Even as rents have skyrocketed, the credit remains stuck where it was when Jimmy Carter was president: $60 for individuals and $120 for couples. Senate Bill 843, which I authored with more than 50 other members from both parties, would change that.
SB843 would increase the renter’s tax credit and expand access to it. The increased credit would allow individuals to receive $500, while couples and individuals with dependents would get $1,000. That means single parents – who usually need more than one bedroom to house their children – will get just as much as a couple.
In addition, Californians would be eligible for the full credit even if that amount exceeded their income tax liability, since most people also pay sales taxes, utility taxes and other levies. This change would expand access to about one million low-income residents – those who need the help the most.
The renter’s tax credit was enacted in 1972 to assist Californians with rent costs. It was increased to $60 for individuals and $120 for couples in 1979, when the statewide average rent was only $862 (adjusted to 2020 dollars).
Drastic rent hikes
The average statewide rent was $1,614 in 2020, and it has only increased since. In dense urban areas, the rent hikes are far more drastic. Inflation is also forcing Californians to spend more on groceries, gasoline, childcare and more. An increased and expanded tax credit could help many struggling renters not only pay for rent, but other essentials as well.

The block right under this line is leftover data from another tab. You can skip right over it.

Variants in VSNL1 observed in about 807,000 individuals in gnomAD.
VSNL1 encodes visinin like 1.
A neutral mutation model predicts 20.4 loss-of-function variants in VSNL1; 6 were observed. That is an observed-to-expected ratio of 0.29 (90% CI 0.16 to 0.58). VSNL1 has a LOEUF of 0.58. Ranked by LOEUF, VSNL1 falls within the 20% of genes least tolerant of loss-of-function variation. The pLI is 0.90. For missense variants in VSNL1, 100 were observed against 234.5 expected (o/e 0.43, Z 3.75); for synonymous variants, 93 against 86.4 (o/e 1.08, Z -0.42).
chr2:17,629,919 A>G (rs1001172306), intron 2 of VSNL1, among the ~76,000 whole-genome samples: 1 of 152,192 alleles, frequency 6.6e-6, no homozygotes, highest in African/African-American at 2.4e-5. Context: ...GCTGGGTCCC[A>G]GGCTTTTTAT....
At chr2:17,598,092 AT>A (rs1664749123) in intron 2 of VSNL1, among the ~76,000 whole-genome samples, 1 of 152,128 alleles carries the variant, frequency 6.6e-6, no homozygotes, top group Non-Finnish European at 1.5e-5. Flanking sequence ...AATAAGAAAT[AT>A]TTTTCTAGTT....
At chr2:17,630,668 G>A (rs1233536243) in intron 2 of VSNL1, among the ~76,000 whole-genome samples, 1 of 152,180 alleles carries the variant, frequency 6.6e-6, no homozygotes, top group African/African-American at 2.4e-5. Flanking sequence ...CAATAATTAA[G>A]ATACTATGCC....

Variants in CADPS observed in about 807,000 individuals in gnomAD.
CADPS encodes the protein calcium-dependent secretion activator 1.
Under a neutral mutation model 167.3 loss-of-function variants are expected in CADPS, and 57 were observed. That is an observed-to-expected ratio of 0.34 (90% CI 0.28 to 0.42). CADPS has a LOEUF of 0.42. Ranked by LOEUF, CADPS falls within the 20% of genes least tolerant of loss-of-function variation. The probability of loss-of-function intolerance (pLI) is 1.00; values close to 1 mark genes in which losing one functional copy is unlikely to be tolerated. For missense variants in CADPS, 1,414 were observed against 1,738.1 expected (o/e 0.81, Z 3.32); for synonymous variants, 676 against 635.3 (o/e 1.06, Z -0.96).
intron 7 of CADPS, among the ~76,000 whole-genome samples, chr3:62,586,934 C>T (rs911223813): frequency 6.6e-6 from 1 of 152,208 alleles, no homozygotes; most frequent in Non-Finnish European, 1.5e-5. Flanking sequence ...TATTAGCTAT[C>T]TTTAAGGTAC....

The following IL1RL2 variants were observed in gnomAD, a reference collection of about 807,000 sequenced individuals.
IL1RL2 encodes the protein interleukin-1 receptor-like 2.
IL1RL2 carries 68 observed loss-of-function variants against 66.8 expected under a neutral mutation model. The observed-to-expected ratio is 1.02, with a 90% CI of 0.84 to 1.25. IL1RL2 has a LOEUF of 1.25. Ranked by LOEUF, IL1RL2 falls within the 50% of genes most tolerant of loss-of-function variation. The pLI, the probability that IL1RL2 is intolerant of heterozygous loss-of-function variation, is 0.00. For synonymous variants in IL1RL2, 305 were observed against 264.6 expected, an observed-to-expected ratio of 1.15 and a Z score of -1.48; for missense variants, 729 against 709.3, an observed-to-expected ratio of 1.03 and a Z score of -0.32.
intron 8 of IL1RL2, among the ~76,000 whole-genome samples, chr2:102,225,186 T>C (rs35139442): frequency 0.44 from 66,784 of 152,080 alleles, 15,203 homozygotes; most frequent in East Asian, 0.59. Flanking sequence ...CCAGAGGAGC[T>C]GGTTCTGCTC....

The COVID-19 pandemic has only worsened the problems renters face. Due to the economic barriers to owning a home, renters are disproportionately more likely to be low income and were more likely to lose their jobs during stay-at-home orders. Simply put, homeowners typically have more financial stability than renters and receive numerous tax benefits from the state and federal government.
SB843 will also begin to balance the tax benefits California provides to renters compared to homeowners. This year alone, it is estimated that homeowners will receive $9.3 billion through the three largest tax breaks: the mortgage interest deduction, property tax deduction and partial exclusion of capital gains taxes on the sale of a principal residence. By comparison, renters will receive only $160 million through the current renter’s tax credit.
With almost half of our state’s residents being renters, there are steep inequalities between the aid available to homeowners vs. renters. This bill will take important steps in narrowing these inequities to assure renters have a safety net to rely on as well.
California is long overdue to increase and expand the renter’s tax credit. I am proud to support our state’s renters with SB843.
Steve Glazer is the California State Senator representing the 7th Senate District. If you have questions about this or other topics, you can reach out to him at sd07.senate.ca.gov.